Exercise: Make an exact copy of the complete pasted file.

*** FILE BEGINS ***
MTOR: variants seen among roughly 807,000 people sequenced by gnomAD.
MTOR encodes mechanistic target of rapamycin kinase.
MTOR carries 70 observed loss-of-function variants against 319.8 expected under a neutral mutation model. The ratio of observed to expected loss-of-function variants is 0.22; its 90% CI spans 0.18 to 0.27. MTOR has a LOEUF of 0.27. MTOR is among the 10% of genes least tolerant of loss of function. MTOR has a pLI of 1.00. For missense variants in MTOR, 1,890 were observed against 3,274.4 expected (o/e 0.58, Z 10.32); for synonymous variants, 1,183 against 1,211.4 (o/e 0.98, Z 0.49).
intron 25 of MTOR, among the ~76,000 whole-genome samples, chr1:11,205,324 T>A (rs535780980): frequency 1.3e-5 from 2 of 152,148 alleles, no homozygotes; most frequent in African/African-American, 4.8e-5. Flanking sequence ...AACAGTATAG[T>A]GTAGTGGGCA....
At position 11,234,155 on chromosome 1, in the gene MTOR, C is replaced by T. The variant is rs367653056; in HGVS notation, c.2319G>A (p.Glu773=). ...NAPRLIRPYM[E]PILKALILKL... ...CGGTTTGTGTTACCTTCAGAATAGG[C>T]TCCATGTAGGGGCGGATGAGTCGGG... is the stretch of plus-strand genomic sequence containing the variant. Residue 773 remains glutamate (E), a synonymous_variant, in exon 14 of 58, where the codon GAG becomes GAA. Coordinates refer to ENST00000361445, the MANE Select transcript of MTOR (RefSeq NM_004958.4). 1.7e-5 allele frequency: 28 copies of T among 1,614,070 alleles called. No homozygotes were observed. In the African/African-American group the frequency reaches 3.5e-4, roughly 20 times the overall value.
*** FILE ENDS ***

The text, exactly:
MTOR: variants seen among roughly 807,000 people sequenced by gnomAD.
MTOR encodes mechanistic target of rapamycin kinase.
MTOR carries 70 observed loss-of-function variants against 319.8 expected under a neutral mutation model. The ratio of observed to expected loss-of-function variants is 0.22; its 90% CI spans 0.18 to 0.27. MTOR has a LOEUF of 0.27. MTOR is among the 10% of genes least tolerant of loss of function. MTOR has a pLI of 1.00. For missense variants in MTOR, 1,890 were observed against 3,274.4 expected (o/e 0.58, Z 10.32); for synonymous variants, 1,183 against 1,211.4 (o/e 0.98, Z 0.49).
intron 25 of MTOR, among the ~76,000 whole-genome samples, chr1:11,205,324 T>A (rs535780980): frequency 1.3e-5 from 2 of 152,148 alleles, no homozygotes; most frequent in African/African-American, 4.8e-5. Flanking sequence ...AACAGTATAG[T>A]GTAGTGGGCA....
At position 11,234,155 on chromosome 1, in the gene MTOR, C is replaced by T. The variant is rs367653056; in HGVS notation, c.2319G>A (p.Glu773=). ...NAPRLIRPYM[E]PILKALILKL... ...CGGTTTGTGTTACCTTCAGAATAGG[C>T]TCCATGTAGGGGCGGATGAGTCGGG... is the stretch of plus-strand genomic sequence containing the variant. Residue 773 remains glutamate (E), a synonymous_variant, in exon 14 of 58, where the codon GAG becomes GAA. Coordinates refer to ENST00000361445, the MANE Select transcript of MTOR (RefSeq NM_004958.4). 1.7e-5 allele frequency: 28 copies of T among 1,614,070 alleles called. No homozygotes were observed. In the African/African-American group the frequency reaches 3.5e-4, roughly 20 times the overall value.